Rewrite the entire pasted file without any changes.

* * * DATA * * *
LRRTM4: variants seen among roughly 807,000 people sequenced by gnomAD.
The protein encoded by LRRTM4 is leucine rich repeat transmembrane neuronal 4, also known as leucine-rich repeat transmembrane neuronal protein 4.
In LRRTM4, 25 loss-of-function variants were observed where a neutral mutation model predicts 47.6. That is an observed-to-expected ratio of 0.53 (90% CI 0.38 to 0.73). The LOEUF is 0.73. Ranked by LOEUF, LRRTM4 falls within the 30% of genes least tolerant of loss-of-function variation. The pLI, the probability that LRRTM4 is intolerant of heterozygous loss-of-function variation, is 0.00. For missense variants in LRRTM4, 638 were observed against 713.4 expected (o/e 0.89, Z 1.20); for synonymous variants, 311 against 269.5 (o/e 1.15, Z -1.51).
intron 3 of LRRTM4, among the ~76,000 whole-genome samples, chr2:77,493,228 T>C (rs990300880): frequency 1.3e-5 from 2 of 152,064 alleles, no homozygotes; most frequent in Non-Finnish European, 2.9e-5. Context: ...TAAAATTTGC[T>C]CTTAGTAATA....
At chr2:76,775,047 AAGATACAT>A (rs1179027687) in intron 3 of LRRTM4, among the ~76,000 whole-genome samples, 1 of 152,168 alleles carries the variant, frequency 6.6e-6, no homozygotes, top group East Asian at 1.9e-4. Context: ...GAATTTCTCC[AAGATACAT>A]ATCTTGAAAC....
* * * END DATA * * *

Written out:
LRRTM4: variants seen among roughly 807,000 people sequenced by gnomAD.
The protein encoded by LRRTM4 is leucine rich repeat transmembrane neuronal 4, also known as leucine-rich repeat transmembrane neuronal protein 4.
In LRRTM4, 25 loss-of-function variants were observed where a neutral mutation model predicts 47.6. That is an observed-to-expected ratio of 0.53 (90% CI 0.38 to 0.73). The LOEUF is 0.73. Ranked by LOEUF, LRRTM4 falls within the 30% of genes least tolerant of loss-of-function variation. The pLI, the probability that LRRTM4 is intolerant of heterozygous loss-of-function variation, is 0.00. For missense variants in LRRTM4, 638 were observed against 713.4 expected (o/e 0.89, Z 1.20); for synonymous variants, 311 against 269.5 (o/e 1.15, Z -1.51).
intron 3 of LRRTM4, among the ~76,000 whole-genome samples, chr2:77,493,228 T>C (rs990300880): frequency 1.3e-5 from 2 of 152,064 alleles, no homozygotes; most frequent in Non-Finnish European, 2.9e-5. Context: ...TAAAATTTGC[T>C]CTTAGTAATA....
At chr2:76,775,047 AAGATACAT>A (rs1179027687) in intron 3 of LRRTM4, among the ~76,000 whole-genome samples, 1 of 152,168 alleles carries the variant, frequency 6.6e-6, no homozygotes, top group East Asian at 1.9e-4. Context: ...GAATTTCTCC[AAGATACAT>A]ATCTTGAAAC....